RealTime IT News

Sun Bullish on Service Biz Potential

MENLO PARK, CALIF. -- It's not surprising to hear a company like Sun Microsystems tout technology, but at a briefing here today, the server giant was particularly bullish about one segment traditionally thought of as people-intensive.

"Ultimately, [support] will be provided by technology, not people," said Don Grantham, executive vice president of Sun Services. "This a strategic direction for us for everything from storage to servers."

While service technicians and other support staff aren't going away anytime soon, Grantham said Sun has technology to take on an increasing amount of the support burden electronically, even for customers with non-Sun systems. Some of those technology pieces were the result of recent acquisitions, specifically StorageTek and SevenSpace, acquired a year ago. Grantham said the SevenSpace technology has enabled it to launch a pilot program supporting over a hundred data centers worldwide.

"Where we have a customer with at least 50 percent Sun equipment, we are actively pursuing this model of heterogeneous support, whether it's HP, or IBM or others in the mix, and we think that's a competitive advantage for us," Grantham said.

All of the big vendors have plans that go by various names, such as self-healing, to better automate support. "But most of those are more oriented to shifting the workload somewhere else when there's a failure," Dan Mahoney, chief research and client officer at Forrester Research, told internetnews.com. "Sun is the first to take advantage of technology. I think there's little question IBM or HP could also implement something like this, but Sun's the one doing it, and I think that's fabulous."

Mahoney was quick to note that Sun is just taking the first steps towards autonomic repair solutions that he says will work best with Sun equipment and less broadly with others. Further, Sun's technology is aimed at identifying and preventing problems before they occur, as well as after the fact. Mahoney pointed out that Sun technicians, once alerted to problems by the system, are still largely involved in taking the steps to fix them. But the advantage is, they don't have to track down the right IT person or other manager at the customer site, because they are in direct communication with the affected system.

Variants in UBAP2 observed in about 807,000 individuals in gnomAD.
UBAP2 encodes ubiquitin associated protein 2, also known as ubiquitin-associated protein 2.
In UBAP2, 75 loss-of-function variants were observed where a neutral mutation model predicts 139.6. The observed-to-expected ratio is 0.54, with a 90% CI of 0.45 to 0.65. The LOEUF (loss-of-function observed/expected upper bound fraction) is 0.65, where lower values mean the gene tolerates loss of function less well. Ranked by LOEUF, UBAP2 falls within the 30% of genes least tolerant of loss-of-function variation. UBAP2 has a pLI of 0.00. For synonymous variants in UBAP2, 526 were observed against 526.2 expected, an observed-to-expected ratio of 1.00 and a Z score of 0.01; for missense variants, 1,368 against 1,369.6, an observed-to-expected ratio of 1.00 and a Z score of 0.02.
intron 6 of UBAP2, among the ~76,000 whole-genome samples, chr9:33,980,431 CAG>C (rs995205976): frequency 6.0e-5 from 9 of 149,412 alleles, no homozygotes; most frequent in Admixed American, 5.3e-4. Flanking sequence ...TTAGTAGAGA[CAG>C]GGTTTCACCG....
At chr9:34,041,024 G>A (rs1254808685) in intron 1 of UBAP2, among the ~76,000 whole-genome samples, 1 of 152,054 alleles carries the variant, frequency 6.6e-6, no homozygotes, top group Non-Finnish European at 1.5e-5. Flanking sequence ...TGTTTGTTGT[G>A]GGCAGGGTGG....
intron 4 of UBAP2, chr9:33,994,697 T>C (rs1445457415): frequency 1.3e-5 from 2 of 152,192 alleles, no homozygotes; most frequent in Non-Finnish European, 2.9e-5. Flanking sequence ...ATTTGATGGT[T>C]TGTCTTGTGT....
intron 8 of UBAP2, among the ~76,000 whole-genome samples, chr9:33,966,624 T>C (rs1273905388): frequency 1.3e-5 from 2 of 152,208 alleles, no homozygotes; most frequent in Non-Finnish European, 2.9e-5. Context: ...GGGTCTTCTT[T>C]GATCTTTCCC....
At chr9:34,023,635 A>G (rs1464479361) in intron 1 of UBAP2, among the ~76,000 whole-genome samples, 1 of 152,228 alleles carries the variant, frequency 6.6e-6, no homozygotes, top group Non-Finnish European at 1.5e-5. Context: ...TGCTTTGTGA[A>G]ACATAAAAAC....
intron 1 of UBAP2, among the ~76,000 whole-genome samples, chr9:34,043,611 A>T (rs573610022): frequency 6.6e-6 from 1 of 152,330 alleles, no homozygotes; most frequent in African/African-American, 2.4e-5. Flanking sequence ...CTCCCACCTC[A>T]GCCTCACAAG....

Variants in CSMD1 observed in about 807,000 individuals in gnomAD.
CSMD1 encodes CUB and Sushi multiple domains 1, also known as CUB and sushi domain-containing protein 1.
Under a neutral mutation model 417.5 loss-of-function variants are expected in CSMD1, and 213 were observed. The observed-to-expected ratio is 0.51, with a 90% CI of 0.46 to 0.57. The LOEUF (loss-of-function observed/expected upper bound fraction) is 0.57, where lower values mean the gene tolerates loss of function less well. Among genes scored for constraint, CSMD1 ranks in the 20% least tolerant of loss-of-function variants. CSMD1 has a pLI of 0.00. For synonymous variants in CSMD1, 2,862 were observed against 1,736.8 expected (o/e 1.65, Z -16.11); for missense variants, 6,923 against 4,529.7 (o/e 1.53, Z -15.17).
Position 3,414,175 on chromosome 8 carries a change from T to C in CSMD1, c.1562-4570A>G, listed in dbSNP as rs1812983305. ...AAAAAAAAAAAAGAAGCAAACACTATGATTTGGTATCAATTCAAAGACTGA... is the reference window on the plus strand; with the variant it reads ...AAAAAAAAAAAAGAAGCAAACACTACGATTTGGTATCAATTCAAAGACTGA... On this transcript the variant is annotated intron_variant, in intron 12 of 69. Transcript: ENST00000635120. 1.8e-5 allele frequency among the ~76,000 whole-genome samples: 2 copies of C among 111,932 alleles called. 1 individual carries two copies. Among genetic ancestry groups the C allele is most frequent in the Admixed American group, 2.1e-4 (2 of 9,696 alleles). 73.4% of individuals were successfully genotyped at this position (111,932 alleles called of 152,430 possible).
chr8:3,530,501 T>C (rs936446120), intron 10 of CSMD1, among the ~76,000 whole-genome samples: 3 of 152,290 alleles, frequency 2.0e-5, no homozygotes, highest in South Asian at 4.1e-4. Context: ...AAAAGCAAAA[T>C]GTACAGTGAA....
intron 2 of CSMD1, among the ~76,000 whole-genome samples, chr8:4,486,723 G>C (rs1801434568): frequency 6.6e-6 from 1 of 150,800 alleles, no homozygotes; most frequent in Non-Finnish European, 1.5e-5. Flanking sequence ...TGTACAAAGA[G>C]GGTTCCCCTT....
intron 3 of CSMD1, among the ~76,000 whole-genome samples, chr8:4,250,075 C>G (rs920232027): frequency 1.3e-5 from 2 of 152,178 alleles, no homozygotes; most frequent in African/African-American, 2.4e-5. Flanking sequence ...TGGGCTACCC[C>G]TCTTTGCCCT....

Grantham conceded that some government agencies and other organizations are reluctant to have their systems electronically connected to Sun, even for repair work.

"It's the same issue as outsourcing," said Mahoney. "It's a question of how comfortable you are giving someone else access to your systems. Sun customers in particular are usually very technologically savvy, and, I would guess, for the most part, they'd be happy to have the company that built the computer deal with any fixes."

As part of its recent launch of the T1 UltraSparc with CoolThreads server line, Sun includes a choice of built-in service levels, "Business Ready," a 24/7 support program, or a Bronze level that covers five business days a week during business hours.

On a different topic, Grantham spoke glowingly of Sun's acquisition of StorageTek, which some analysts had questioned as too costly, with tape storage a mature market.

"We don't think we overpaid for StorageTek at all. It was a fair price," said Grantham. "We now have 36 percent of all the data stored on the planet, and we believe we're getting a much better return on the StorageTek investment than hanging on to the cash we had."